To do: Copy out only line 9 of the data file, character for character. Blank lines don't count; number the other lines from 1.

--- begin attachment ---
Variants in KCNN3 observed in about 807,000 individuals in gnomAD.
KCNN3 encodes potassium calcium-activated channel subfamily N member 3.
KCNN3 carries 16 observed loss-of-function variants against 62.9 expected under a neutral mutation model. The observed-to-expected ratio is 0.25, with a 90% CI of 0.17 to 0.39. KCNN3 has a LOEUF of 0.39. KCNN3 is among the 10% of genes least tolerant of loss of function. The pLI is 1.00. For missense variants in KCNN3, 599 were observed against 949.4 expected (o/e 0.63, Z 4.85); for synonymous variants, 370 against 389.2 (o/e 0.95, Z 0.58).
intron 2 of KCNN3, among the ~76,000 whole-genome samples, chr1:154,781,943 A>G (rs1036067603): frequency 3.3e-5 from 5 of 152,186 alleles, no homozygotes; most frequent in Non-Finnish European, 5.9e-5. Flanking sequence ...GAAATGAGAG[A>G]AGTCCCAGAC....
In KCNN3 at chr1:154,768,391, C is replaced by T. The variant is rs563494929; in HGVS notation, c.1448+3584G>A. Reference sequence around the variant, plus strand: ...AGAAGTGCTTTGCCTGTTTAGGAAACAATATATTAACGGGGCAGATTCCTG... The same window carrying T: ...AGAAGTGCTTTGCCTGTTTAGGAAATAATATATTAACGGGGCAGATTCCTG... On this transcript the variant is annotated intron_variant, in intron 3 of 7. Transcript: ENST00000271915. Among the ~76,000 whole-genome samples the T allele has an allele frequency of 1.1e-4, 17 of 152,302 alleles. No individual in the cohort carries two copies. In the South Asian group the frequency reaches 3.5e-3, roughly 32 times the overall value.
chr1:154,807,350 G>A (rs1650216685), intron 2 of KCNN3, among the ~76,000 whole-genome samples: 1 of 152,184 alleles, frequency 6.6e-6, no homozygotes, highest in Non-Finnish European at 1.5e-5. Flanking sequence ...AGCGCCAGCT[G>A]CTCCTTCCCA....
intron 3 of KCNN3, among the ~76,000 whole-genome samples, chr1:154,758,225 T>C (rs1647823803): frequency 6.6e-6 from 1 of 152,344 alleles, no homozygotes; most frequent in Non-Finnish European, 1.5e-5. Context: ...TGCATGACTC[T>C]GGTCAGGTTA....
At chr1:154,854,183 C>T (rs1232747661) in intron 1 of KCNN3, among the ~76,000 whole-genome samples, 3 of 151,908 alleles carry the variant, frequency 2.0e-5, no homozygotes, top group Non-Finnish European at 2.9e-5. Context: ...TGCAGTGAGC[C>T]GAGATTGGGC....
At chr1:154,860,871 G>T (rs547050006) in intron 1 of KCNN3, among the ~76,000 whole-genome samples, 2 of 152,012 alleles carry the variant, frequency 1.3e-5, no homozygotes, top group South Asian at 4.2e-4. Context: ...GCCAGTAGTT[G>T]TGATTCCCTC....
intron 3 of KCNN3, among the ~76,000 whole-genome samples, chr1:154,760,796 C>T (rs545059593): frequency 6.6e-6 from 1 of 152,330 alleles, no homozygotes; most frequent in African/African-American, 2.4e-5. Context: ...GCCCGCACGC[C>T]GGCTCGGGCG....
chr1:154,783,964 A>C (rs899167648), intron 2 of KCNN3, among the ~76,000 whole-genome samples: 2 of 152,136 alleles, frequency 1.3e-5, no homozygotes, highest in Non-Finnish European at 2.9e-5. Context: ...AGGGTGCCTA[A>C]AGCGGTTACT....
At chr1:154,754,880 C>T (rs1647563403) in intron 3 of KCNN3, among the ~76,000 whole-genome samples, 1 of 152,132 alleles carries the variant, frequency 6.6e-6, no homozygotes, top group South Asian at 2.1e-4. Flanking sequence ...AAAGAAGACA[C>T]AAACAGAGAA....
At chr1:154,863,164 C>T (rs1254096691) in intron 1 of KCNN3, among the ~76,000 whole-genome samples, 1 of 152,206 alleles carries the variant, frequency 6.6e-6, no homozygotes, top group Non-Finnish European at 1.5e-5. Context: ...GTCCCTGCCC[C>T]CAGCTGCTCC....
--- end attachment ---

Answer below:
At chr1:154,860,871 G>T (rs547050006) in intron 1 of KCNN3, among the ~76,000 whole-genome samples, 2 of 152,012 alleles carry the variant, frequency 1.3e-5, no homozygotes, top group South Asian at 4.2e-4. Context: ...GCCAGTAGTT[G>T]TGATTCCCTC....